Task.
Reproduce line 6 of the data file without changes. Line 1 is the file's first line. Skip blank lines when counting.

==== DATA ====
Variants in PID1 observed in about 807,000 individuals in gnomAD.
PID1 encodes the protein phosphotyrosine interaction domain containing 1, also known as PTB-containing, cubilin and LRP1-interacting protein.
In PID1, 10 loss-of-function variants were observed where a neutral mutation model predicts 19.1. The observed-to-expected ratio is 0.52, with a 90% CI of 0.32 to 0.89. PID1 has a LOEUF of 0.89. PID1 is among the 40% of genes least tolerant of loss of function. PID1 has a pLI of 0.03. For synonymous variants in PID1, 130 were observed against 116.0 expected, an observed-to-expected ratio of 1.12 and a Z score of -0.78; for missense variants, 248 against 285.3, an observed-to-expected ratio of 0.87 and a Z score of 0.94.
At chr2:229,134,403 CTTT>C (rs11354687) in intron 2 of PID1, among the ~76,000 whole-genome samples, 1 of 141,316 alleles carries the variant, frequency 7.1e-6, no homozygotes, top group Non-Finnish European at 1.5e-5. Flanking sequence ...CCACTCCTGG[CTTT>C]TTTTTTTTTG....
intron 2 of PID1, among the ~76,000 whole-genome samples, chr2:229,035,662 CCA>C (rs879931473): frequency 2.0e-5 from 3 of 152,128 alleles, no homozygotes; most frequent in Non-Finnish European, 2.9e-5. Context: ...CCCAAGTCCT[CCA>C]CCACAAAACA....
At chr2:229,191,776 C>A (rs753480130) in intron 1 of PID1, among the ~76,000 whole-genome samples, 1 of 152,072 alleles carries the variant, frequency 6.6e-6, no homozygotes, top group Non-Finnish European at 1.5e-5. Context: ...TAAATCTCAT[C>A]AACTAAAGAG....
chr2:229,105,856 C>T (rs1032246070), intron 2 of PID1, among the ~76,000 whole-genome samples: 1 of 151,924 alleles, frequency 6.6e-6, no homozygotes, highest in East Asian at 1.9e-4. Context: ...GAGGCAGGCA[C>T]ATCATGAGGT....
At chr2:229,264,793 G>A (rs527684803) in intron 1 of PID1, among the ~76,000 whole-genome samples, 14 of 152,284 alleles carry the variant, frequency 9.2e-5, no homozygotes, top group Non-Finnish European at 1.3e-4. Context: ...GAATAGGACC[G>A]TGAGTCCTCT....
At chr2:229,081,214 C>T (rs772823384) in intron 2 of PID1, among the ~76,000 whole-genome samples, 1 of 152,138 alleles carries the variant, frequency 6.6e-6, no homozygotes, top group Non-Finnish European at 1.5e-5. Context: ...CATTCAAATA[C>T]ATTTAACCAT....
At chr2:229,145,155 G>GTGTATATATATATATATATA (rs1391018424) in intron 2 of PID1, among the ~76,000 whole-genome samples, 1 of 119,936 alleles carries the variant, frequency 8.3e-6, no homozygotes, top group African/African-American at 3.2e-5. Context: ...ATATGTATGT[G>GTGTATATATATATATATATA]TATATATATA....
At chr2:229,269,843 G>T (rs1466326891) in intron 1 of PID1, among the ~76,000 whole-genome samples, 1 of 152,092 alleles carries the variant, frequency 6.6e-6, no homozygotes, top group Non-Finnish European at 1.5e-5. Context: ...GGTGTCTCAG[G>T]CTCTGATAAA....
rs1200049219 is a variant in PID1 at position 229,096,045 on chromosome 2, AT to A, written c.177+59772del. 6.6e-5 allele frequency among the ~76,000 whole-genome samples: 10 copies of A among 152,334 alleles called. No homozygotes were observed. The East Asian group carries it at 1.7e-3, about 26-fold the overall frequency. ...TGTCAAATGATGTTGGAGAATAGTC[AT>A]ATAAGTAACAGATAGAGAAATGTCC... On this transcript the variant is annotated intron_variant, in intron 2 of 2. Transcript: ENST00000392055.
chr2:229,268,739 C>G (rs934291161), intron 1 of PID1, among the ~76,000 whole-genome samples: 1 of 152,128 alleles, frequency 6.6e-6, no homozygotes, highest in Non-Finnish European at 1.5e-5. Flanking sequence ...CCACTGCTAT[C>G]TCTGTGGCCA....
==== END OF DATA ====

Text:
At chr2:229,191,776 C>A (rs753480130) in intron 1 of PID1, among the ~76,000 whole-genome samples, 1 of 152,072 alleles carries the variant, frequency 6.6e-6, no homozygotes, top group Non-Finnish European at 1.5e-5. Context: ...TAAATCTCAT[C>A]AACTAAAGAG....